Heritage, Volume 12, Number 4, Fall 1994 Page: 11
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hotel closed, was reopened and closed several
more times, each transition carrying it
further from its original, understated grandeur.
By the late '70s, it had fallen into
disrepair and disgrace.
Then in 1979, J.P. Bryan of Houston
was driving around Marathon looking for a
house to use as a ranch headquarters, so
that he too wouldn't have to sleep among
the snakes and scorpions when checking
on his ranch, and noticed a sign offering the
Gage for sale. He called the number, spoke
with the owner and bought the hotel over
the phone, without ever seeing the inside
of the property.
The manager explained that Bryan, a
descendant of Texas founder Moses Austin,
had always been interested in Texas
history and had restored several other historic
buildings, in addition to serving as
president of the Texas State Historical
Association and the Texas Historical Foundation.
He tells you also that when J.P. and
Mary Jon Bryan purchased the hotel 15
years ago, they discovered that although
the exterior of the building was sound, the
inside was a mess. Paints of various hues
pinks, blues, and greens, mostly - covered
the woodwork, and the stately oak floors
were covered with hideous linoleum. The
ceilings had been lowered, covering the
He continues his story. Not long after
buying the property, while attending a
Texas Historical Foundation meeting in
El Paso, Bryan comes across a book about
Henry Trost, an architect who designed
several small hotels in Texas in the '20s
and '30s. Bryan buys the book, hoping to
find some mention of the Gage, but there
is none. Still, the architecture of Trost's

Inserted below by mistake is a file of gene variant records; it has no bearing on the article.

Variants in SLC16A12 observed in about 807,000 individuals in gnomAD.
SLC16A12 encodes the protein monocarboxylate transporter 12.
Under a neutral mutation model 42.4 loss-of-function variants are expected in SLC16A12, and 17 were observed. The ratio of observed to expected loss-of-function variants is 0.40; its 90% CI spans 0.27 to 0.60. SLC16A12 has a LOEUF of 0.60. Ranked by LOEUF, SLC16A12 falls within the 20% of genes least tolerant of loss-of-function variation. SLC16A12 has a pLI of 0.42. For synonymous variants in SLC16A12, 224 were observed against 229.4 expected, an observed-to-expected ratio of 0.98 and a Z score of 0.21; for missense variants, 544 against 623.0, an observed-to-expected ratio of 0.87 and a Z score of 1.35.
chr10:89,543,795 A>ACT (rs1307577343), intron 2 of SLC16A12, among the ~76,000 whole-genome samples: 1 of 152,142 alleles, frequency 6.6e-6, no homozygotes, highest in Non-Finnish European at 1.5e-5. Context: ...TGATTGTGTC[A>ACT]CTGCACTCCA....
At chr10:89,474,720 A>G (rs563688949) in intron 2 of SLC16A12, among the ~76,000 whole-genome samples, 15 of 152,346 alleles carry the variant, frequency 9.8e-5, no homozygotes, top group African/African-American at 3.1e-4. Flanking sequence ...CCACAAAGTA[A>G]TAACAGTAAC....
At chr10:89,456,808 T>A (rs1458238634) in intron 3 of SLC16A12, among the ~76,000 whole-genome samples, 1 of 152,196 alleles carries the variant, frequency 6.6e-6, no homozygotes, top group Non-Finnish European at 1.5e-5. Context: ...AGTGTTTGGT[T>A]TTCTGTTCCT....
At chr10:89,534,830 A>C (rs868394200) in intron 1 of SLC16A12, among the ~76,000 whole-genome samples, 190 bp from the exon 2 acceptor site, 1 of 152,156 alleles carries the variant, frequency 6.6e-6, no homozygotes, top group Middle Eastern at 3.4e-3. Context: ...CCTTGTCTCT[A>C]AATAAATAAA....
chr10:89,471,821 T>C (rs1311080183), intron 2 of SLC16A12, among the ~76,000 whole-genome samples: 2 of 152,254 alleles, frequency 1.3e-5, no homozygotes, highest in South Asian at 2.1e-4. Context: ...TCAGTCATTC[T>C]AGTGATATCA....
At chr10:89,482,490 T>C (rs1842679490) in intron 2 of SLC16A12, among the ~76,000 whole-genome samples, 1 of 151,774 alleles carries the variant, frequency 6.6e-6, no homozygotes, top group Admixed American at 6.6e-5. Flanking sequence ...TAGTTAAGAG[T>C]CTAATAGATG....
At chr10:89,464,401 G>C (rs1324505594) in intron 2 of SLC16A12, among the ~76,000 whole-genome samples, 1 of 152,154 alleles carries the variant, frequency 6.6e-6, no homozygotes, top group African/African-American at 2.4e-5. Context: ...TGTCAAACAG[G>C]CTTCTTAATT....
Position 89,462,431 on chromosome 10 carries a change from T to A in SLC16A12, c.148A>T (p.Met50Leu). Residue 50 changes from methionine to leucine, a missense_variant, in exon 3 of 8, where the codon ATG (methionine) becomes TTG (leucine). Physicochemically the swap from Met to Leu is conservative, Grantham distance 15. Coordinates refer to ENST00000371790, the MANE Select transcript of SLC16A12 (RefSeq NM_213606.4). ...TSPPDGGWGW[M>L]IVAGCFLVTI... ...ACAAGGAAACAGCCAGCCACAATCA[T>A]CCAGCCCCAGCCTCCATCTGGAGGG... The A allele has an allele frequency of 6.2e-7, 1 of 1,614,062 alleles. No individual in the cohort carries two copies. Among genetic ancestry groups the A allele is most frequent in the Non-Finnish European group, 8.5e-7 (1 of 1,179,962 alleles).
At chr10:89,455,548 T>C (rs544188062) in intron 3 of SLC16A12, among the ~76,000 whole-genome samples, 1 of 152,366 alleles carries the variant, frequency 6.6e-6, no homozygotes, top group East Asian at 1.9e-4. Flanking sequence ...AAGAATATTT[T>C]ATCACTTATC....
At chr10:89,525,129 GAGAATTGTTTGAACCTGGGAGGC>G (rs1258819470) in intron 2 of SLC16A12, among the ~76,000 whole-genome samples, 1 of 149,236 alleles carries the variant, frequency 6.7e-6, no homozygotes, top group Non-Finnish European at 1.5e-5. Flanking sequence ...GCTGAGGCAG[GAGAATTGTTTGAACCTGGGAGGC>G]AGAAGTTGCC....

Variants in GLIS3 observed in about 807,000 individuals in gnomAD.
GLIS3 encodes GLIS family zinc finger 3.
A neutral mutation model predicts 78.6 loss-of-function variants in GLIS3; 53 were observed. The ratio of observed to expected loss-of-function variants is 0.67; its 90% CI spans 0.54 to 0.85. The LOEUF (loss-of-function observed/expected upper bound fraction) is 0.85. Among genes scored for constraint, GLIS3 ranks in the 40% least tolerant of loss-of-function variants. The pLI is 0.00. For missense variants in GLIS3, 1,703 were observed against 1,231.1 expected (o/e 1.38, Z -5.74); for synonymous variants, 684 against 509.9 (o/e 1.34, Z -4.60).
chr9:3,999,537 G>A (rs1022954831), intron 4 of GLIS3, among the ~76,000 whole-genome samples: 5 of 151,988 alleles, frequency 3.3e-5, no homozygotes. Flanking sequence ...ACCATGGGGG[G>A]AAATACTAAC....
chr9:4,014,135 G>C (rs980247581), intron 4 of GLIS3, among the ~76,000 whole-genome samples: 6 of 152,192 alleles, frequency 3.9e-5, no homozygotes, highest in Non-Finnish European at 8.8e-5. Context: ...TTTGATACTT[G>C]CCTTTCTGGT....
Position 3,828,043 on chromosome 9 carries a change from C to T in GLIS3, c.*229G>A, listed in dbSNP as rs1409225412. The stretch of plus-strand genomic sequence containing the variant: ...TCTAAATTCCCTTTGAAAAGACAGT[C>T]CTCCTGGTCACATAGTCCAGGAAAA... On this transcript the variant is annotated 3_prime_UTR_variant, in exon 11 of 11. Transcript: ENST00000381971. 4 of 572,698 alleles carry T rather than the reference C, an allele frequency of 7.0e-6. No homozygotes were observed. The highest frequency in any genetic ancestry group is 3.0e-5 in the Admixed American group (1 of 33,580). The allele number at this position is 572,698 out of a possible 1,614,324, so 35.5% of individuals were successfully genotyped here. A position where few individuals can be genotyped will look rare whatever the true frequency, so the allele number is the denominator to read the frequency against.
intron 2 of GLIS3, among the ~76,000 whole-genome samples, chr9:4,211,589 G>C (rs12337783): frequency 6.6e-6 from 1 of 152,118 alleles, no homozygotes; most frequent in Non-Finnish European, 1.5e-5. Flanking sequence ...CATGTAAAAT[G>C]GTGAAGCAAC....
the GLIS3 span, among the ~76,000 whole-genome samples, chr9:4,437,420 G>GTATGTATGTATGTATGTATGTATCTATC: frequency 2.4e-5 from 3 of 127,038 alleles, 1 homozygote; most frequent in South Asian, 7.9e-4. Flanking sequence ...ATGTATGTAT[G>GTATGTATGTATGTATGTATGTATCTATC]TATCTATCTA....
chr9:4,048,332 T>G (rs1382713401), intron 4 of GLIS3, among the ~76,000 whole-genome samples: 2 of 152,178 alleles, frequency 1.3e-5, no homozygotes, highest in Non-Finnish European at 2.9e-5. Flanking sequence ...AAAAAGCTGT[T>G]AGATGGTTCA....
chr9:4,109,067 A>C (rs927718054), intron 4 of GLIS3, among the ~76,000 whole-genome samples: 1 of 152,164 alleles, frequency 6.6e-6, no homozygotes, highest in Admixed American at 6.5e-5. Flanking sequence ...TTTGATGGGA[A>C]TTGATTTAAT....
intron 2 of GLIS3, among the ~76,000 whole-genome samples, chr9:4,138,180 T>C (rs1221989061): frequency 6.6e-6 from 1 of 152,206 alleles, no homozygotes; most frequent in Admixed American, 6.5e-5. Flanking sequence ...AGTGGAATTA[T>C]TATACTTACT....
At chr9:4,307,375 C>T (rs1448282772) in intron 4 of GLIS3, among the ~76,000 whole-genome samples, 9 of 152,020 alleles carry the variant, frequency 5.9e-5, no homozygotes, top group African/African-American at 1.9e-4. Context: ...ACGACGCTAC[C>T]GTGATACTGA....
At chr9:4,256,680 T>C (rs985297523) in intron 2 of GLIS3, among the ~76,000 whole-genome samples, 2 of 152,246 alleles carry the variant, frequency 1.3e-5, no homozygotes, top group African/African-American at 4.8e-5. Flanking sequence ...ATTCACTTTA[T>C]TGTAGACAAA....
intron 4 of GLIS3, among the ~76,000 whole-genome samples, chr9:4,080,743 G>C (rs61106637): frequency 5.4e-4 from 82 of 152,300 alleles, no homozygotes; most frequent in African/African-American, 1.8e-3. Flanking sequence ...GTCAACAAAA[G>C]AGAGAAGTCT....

hotels is similar enough to that of the
Gage to warrant checking with the architectural
firm in El Paso that Trost
Researching the history, Bryan discovers
that the contractor, H.T. Ponsford &
Sons in El Paso, is still in business, and they
inform him that not only had Henry Trost
built the Gage, but that they still have the
original blueprints. Bryan mentions that
the blue prints would be helpful for his
restoration project, and they send them to
With the original plans in hand, Bryan
sets out to capture what the architect and
builder attempted to create. He has the
fake wood panelling torn out and replaced
with elegant woods, restores the French
The garden-like setting of the Los Portales courtyard transports visitors at the Gage Hotel to a hacienda in
old Mexico. Massive wooden doors and benches are among the beautiful antiques that add a special touch.
...More than half a century since the
death of Alfred Gage, the hotel closed,
was reopened and closed several more
times, each transition carrying it
further from its original, understated
grandeur. By the late '70s, it had fallen
into disrepair and disgrace.
HERITAGE * FALL 1994 11
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Texas Historical Foundation. Heritage, Volume 12, Number 4, Fall 1994, periodical, Autumn 1994; Austin, Texas. (texashistory.unt.edu/ark:/67531/metapth45414/m1/11/: accessed April 26, 2017), University of North Texas Libraries, The Portal to Texas History, texashistory.unt.edu; crediting Texas Historical Foundation.